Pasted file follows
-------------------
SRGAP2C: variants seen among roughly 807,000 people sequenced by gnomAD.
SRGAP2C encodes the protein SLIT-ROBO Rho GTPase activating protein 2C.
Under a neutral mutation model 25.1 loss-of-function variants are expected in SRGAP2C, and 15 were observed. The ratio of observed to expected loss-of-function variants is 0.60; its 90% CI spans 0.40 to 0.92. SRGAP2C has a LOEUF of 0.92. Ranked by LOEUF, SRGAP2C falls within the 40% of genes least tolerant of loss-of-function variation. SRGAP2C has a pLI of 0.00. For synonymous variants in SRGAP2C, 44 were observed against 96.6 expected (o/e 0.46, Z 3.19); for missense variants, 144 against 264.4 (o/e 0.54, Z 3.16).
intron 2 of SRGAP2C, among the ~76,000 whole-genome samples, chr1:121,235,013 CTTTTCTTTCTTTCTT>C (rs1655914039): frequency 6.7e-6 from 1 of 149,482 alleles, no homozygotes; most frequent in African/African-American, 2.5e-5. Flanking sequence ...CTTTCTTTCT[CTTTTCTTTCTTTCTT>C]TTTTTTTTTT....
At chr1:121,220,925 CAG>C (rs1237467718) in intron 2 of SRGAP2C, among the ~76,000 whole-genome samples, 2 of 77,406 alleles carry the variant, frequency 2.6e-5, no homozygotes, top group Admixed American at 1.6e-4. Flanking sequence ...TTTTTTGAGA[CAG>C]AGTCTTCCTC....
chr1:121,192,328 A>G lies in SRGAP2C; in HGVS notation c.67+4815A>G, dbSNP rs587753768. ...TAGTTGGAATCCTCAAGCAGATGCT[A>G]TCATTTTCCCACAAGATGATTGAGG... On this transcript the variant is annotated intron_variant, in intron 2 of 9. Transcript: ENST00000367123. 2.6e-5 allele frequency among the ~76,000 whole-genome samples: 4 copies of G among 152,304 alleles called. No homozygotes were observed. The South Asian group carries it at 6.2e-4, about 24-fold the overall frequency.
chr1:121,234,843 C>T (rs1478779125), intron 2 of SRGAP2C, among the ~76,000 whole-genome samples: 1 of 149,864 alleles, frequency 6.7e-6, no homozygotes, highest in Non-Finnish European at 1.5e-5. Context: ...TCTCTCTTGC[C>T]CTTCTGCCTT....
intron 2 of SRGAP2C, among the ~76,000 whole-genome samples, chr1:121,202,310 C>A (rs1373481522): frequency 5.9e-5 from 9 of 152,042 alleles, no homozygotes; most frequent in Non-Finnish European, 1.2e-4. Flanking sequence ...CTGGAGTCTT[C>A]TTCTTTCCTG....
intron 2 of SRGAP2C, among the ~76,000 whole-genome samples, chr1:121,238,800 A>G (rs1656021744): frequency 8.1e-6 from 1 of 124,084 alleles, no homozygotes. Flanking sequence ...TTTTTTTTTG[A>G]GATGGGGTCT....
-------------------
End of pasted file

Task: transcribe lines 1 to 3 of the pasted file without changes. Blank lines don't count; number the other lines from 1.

SRGAP2C: variants seen among roughly 807,000 people sequenced by gnomAD.
SRGAP2C encodes the protein SLIT-ROBO Rho GTPase activating protein 2C.
Under a neutral mutation model 25.1 loss-of-function variants are expected in SRGAP2C, and 15 were observed. The ratio of observed to expected loss-of-function variants is 0.60; its 90% CI spans 0.40 to 0.92. SRGAP2C has a LOEUF of 0.92. Ranked by LOEUF, SRGAP2C falls within the 40% of genes least tolerant of loss-of-function variation. SRGAP2C has a pLI of 0.00. For synonymous variants in SRGAP2C, 44 were observed against 96.6 expected (o/e 0.46, Z 3.19); for missense variants, 144 against 264.4 (o/e 0.54, Z 3.16).